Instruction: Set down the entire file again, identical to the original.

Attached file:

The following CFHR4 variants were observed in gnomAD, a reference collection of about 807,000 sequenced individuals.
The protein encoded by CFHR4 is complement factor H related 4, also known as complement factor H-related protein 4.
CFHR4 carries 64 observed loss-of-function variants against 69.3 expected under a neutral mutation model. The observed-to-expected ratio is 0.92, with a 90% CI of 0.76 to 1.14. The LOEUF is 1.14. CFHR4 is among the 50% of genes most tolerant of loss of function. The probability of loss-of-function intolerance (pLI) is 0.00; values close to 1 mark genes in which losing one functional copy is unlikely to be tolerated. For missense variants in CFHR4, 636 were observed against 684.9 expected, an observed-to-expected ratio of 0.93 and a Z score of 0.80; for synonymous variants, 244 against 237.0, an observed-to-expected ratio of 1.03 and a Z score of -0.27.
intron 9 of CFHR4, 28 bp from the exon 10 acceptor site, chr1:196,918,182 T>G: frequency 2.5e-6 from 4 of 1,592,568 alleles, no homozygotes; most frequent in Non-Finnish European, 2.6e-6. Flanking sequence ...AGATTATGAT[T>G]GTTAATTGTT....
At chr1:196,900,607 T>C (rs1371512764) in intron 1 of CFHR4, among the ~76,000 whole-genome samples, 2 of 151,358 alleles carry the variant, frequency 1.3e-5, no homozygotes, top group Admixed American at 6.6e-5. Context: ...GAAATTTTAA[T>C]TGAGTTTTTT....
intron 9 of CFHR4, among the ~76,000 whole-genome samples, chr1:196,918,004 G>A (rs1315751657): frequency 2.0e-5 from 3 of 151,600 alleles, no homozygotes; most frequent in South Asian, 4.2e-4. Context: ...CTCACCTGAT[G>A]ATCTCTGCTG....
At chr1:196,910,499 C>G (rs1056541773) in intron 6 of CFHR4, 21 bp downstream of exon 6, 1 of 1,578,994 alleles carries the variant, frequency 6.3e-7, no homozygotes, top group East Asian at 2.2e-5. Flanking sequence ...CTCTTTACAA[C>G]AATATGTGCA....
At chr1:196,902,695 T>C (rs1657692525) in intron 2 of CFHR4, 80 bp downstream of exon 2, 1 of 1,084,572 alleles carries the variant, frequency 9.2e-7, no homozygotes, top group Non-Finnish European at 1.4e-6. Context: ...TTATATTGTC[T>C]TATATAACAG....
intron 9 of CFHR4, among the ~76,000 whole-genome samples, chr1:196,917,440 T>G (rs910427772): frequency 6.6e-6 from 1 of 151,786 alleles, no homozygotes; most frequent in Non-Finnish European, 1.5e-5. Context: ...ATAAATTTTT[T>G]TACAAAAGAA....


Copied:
The following CFHR4 variants were observed in gnomAD, a reference collection of about 807,000 sequenced individuals.
The protein encoded by CFHR4 is complement factor H related 4, also known as complement factor H-related protein 4.
CFHR4 carries 64 observed loss-of-function variants against 69.3 expected under a neutral mutation model. The observed-to-expected ratio is 0.92, with a 90% CI of 0.76 to 1.14. The LOEUF is 1.14. CFHR4 is among the 50% of genes most tolerant of loss of function. The probability of loss-of-function intolerance (pLI) is 0.00; values close to 1 mark genes in which losing one functional copy is unlikely to be tolerated. For missense variants in CFHR4, 636 were observed against 684.9 expected, an observed-to-expected ratio of 0.93 and a Z score of 0.80; for synonymous variants, 244 against 237.0, an observed-to-expected ratio of 1.03 and a Z score of -0.27.
intron 9 of CFHR4, 28 bp from the exon 10 acceptor site, chr1:196,918,182 T>G: frequency 2.5e-6 from 4 of 1,592,568 alleles, no homozygotes; most frequent in Non-Finnish European, 2.6e-6. Flanking sequence ...AGATTATGAT[T>G]GTTAATTGTT....
At chr1:196,900,607 T>C (rs1371512764) in intron 1 of CFHR4, among the ~76,000 whole-genome samples, 2 of 151,358 alleles carry the variant, frequency 1.3e-5, no homozygotes, top group Admixed American at 6.6e-5. Context: ...GAAATTTTAA[T>C]TGAGTTTTTT....
intron 9 of CFHR4, among the ~76,000 whole-genome samples, chr1:196,918,004 G>A (rs1315751657): frequency 2.0e-5 from 3 of 151,600 alleles, no homozygotes; most frequent in South Asian, 4.2e-4. Context: ...CTCACCTGAT[G>A]ATCTCTGCTG....
At chr1:196,910,499 C>G (rs1056541773) in intron 6 of CFHR4, 21 bp downstream of exon 6, 1 of 1,578,994 alleles carries the variant, frequency 6.3e-7, no homozygotes, top group East Asian at 2.2e-5. Flanking sequence ...CTCTTTACAA[C>G]AATATGTGCA....
At chr1:196,902,695 T>C (rs1657692525) in intron 2 of CFHR4, 80 bp downstream of exon 2, 1 of 1,084,572 alleles carries the variant, frequency 9.2e-7, no homozygotes, top group Non-Finnish European at 1.4e-6. Context: ...TTATATTGTC[T>C]TATATAACAG....
intron 9 of CFHR4, among the ~76,000 whole-genome samples, chr1:196,917,440 T>G (rs910427772): frequency 6.6e-6 from 1 of 151,786 alleles, no homozygotes; most frequent in Non-Finnish European, 1.5e-5. Context: ...ATAAATTTTT[T>G]TACAAAAGAA....